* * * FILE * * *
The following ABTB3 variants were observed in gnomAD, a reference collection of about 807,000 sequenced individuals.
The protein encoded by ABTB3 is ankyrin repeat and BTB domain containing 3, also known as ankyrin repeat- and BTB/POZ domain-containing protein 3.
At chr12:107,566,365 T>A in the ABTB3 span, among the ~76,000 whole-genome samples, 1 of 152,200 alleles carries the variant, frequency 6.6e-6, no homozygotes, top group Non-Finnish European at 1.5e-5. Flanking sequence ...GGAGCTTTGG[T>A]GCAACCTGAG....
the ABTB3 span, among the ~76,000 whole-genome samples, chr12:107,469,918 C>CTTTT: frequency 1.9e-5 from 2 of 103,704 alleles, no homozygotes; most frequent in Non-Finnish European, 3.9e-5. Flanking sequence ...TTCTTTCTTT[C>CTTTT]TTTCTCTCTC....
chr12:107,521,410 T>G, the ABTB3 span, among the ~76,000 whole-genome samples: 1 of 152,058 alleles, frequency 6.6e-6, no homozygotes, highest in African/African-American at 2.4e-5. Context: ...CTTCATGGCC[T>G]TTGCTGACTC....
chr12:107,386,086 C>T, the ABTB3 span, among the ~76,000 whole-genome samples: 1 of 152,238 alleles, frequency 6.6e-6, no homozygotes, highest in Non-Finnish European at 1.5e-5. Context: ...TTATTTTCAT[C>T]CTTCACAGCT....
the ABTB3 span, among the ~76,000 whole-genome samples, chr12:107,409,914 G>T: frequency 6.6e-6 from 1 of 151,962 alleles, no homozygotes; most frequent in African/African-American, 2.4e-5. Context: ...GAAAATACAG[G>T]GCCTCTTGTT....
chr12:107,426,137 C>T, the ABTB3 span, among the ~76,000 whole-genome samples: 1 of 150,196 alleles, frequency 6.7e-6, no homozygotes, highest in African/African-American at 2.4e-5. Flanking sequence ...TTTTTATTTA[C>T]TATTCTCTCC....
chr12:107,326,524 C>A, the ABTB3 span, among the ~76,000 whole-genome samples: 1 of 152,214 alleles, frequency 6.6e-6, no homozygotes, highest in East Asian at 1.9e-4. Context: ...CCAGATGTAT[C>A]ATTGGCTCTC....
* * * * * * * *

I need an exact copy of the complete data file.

The following ABTB3 variants were observed in gnomAD, a reference collection of about 807,000 sequenced individuals.
The protein encoded by ABTB3 is ankyrin repeat and BTB domain containing 3, also known as ankyrin repeat- and BTB/POZ domain-containing protein 3.
At chr12:107,566,365 T>A in the ABTB3 span, among the ~76,000 whole-genome samples, 1 of 152,200 alleles carries the variant, frequency 6.6e-6, no homozygotes, top group Non-Finnish European at 1.5e-5. Flanking sequence ...GGAGCTTTGG[T>A]GCAACCTGAG....
the ABTB3 span, among the ~76,000 whole-genome samples, chr12:107,469,918 C>CTTTT: frequency 1.9e-5 from 2 of 103,704 alleles, no homozygotes; most frequent in Non-Finnish European, 3.9e-5. Flanking sequence ...TTCTTTCTTT[C>CTTTT]TTTCTCTCTC....
chr12:107,521,410 T>G, the ABTB3 span, among the ~76,000 whole-genome samples: 1 of 152,058 alleles, frequency 6.6e-6, no homozygotes, highest in African/African-American at 2.4e-5. Context: ...CTTCATGGCC[T>G]TTGCTGACTC....
chr12:107,386,086 C>T, the ABTB3 span, among the ~76,000 whole-genome samples: 1 of 152,238 alleles, frequency 6.6e-6, no homozygotes, highest in Non-Finnish European at 1.5e-5. Context: ...TTATTTTCAT[C>T]CTTCACAGCT....
the ABTB3 span, among the ~76,000 whole-genome samples, chr12:107,409,914 G>T: frequency 6.6e-6 from 1 of 151,962 alleles, no homozygotes; most frequent in African/African-American, 2.4e-5. Context: ...GAAAATACAG[G>T]GCCTCTTGTT....
chr12:107,426,137 C>T, the ABTB3 span, among the ~76,000 whole-genome samples: 1 of 150,196 alleles, frequency 6.7e-6, no homozygotes, highest in African/African-American at 2.4e-5. Flanking sequence ...TTTTTATTTA[C>T]TATTCTCTCC....
chr12:107,326,524 C>A, the ABTB3 span, among the ~76,000 whole-genome samples: 1 of 152,214 alleles, frequency 6.6e-6, no homozygotes, highest in East Asian at 1.9e-4. Context: ...CCAGATGTAT[C>A]ATTGGCTCTC....